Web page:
Rahikkala, E., Myllykoski, M., Hinttala, R. et al. Biallelic loss-of-function P4HTM gene variants cause hypotonia, hypoventilation, intellectual disability, dysautonomia, epilepsy, and eye abnormalities (HIDEA syndrome). Genet Med 21, 2355–2363 (2019). https://doi.org/10.1038/s41436-019-0503-4
Biallelic loss-of-function P4HTM gene variants cause hypotonia, hypoventilation, intellectual disability, dysautonomia, epilepsy, and eye abnormalities (HIDEA syndrome)
|Author:||Rahikkala, Elisa1,2; Myllykoski, Matti3,4; Hinttala, Reetta1,3;|
1PEDEGO Research Unit and Medical Research Centre Oulu, University of Oulu and Oulu University Hospital, Oulu, Finland
2Department of Clinical Genetics, Oulu University Hospital, Oulu, Finland
3Biocenter Oulu, University of Oulu, Oulu, Finland
4Faculty of Biochemistry and Molecular Medicine, Oulu Centre for Cell-Matrix Research, University of Oulu, Oulu, Finland
5Department of Children and Adolescents, Division of Paediatric Neurology, Oulu University Hospital, Oulu, Finland
6Kaiser Franz Josef Hospital with G.v. Preyer Children’s Hospital, Department of Pediatrics, Vienna, Austria
7Department of Clinical Genetics, Amsterdam UMC, University of Amsterdam, Amsterdam, The Netherlands
8Neuromuscular Research Department, Medical University of Vienna, Centre for Anatomy and Cell Biology, Vienna, Austria
9Psychiatric & Neurodevelopmental Genetics Unit, Massachusetts General Hospital, Boston, MA, USA
10The Stanley Center for Psychiatric Research, The Broad Institute of MIT and Harvard, Cambridge, MA, USA
11Institute for Molecular Medicine Finland (FIMM), University of Helsinki, Helsinki, Finland
12Texas Children’s Hospital, Houston, TX, USA
13Molecular and Human Genetics, Baylor College of Medicine, Houston, TX, USA
14Northern Finland Laboratory Centre NordLab and Medical Research Centre, Oulu
15University Hospital and University of Oulu, Oulu, Finland
16Department of Pathology, Oulu University Hospital, Oulu, Finland
17Analytic and Translational Genetics Unit, Department of Medicine, Massachusetts General Hospital, Boston, MA, USA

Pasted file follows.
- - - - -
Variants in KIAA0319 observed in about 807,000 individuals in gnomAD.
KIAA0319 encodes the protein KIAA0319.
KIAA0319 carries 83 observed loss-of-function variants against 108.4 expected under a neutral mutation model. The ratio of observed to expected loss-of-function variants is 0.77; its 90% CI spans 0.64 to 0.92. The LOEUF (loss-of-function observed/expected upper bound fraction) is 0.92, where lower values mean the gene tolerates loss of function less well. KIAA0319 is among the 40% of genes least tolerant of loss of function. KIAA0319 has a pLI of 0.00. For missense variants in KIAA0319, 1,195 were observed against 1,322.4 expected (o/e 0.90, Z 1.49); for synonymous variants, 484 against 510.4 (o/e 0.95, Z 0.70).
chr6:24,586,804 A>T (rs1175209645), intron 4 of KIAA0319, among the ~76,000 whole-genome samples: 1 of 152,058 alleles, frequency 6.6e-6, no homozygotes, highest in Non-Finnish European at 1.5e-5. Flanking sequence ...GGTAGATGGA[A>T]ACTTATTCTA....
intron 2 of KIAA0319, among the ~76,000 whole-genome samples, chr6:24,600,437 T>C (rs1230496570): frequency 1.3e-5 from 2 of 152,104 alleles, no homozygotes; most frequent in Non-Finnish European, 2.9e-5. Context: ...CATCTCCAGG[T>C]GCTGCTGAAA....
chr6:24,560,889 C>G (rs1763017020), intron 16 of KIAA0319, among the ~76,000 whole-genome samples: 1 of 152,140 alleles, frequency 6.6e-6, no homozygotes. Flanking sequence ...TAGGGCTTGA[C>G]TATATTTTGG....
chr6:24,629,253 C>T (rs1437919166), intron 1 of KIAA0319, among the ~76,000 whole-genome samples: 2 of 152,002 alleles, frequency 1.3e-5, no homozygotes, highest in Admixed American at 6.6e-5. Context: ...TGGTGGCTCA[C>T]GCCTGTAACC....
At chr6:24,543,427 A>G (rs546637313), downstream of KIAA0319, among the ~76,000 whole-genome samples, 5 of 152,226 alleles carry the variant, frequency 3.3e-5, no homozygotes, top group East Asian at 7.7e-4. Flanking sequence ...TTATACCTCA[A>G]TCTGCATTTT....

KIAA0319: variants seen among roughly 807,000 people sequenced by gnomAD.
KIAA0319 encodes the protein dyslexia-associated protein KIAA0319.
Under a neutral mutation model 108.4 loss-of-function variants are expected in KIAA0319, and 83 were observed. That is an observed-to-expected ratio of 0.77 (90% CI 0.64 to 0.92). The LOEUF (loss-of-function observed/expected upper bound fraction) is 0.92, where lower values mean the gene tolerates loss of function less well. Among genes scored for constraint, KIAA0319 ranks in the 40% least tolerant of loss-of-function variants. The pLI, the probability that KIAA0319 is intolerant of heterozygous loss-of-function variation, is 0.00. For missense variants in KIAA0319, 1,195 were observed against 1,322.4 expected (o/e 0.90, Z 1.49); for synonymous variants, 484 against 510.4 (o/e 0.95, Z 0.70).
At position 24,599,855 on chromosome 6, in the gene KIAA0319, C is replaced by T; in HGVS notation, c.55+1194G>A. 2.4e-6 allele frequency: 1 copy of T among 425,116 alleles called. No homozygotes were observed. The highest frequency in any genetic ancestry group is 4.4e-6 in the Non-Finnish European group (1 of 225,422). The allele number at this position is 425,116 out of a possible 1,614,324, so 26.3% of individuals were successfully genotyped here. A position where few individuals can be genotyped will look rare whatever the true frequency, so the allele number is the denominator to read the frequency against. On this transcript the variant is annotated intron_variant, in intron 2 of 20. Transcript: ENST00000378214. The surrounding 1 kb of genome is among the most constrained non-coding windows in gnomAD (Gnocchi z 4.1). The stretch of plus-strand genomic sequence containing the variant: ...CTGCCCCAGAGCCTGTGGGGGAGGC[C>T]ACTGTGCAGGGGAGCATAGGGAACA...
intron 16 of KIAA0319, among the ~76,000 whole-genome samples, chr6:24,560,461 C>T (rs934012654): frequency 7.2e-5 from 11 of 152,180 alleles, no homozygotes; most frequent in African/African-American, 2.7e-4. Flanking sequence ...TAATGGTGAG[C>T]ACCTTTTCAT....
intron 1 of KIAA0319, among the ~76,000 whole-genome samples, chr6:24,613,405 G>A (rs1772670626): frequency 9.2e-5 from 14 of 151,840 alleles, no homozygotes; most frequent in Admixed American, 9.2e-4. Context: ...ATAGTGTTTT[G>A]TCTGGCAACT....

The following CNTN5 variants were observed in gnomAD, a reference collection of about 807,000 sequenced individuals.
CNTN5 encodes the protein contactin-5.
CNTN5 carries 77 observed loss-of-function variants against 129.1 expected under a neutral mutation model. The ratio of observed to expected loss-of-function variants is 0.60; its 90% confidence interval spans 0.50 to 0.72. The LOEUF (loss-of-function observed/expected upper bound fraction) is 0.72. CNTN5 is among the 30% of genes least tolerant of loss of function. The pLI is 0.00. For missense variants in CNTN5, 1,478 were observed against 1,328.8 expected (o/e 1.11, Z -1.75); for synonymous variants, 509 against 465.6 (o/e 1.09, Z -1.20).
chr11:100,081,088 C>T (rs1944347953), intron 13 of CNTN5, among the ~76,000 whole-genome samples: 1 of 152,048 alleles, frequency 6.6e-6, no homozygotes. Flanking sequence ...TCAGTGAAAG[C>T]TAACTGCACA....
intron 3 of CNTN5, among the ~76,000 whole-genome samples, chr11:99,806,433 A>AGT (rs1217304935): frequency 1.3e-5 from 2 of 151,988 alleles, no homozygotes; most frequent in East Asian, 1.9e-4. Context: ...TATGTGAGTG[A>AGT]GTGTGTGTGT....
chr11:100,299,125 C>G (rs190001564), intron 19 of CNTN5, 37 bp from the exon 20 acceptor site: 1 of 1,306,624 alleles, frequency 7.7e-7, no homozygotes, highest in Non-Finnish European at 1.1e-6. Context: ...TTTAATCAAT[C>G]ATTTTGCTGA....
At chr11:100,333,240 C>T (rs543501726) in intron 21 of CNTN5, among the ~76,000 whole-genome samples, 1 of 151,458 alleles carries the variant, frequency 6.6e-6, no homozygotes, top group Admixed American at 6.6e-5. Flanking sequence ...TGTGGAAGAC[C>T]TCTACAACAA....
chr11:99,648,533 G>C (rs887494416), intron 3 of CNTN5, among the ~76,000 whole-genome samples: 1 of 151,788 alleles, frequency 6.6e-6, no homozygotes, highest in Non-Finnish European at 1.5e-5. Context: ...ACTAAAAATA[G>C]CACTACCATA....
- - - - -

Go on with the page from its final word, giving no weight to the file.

18Department of Neurology, Massachusetts General Hospital, Boston, MA, USA
19Department of Medical Genetics, Genome-Scale Biology Research Program, University of Helsinki and Haartman Institute, Helsinki, Finland
20Baylor Genetics, Houston, TX, 77021, USA
|Online Access:||PDF Full Text (PDF, 0.7 MB)|
|Persistent link:|| http://urn.fi/urn:nbn:fi-fe202002256430
|Publish Date:|| 2020-02-25
Purpose: A new syndrome with hypotonia, intellectual disability, and eye abnormalities (HIDEA) was previously described in a large consanguineous family. Linkage analysis identified the recessive disease locus, and genome sequencing yielded three candidate genes with potentially pathogenic biallelic variants: transketolase (TKT), transmembrane prolyl 4-hydroxylase (P4HTM), and ubiquitin specific peptidase 4 (USP4). However, the causative gene remained elusive.
Methods: International collaboration and exome sequencing were used to identify new patients with HIDEA and biallelic, potentially pathogenic, P4HTM variants. Segregation analysis was performed using Sanger sequencing. P4H-TM wild-type and variant constructs without the transmembrane region were overexpressed in insect cells and analyzed using sodium dodecyl sulfate–polyacrylamide gel electrophoresis and western blot.
Results: Five different homozygous or compound heterozygous pathogenic P4HTM gene variants were identified in six new and six previously published patients presenting with HIDEA. Hypoventilation, obstructive and central sleep apnea, and dysautonomia were identified as novel features associated with the phenotype. Characterization of three of the P4H-TM variants demonstrated yielding insoluble protein products and, thus, loss-of-function.
Conclusions: Biallelic loss-of-function P4HTM variants were shown to cause HIDEA syndrome. Our findings enable diagnosis of the condition, and highlight the importance of assessing the need for noninvasive ventilatory support in patients.
Genetics in medicine
|Pages:||2355 - 2363|
|Type of Publication:||
A1 Journal article – refereed
|Field of Science:||
This study was supported by the Academy of Finland Grants 266719 and 308009, the S. Jusélius Foundation, the Emil Aaltonen Foundation, and the Jane and Aatos Erkko Foundation to P.K.
|Academy of Finland Grant Number:||
266719 (Academy of Finland Funding decision)
308009 (Academy of Finland Funding decision)
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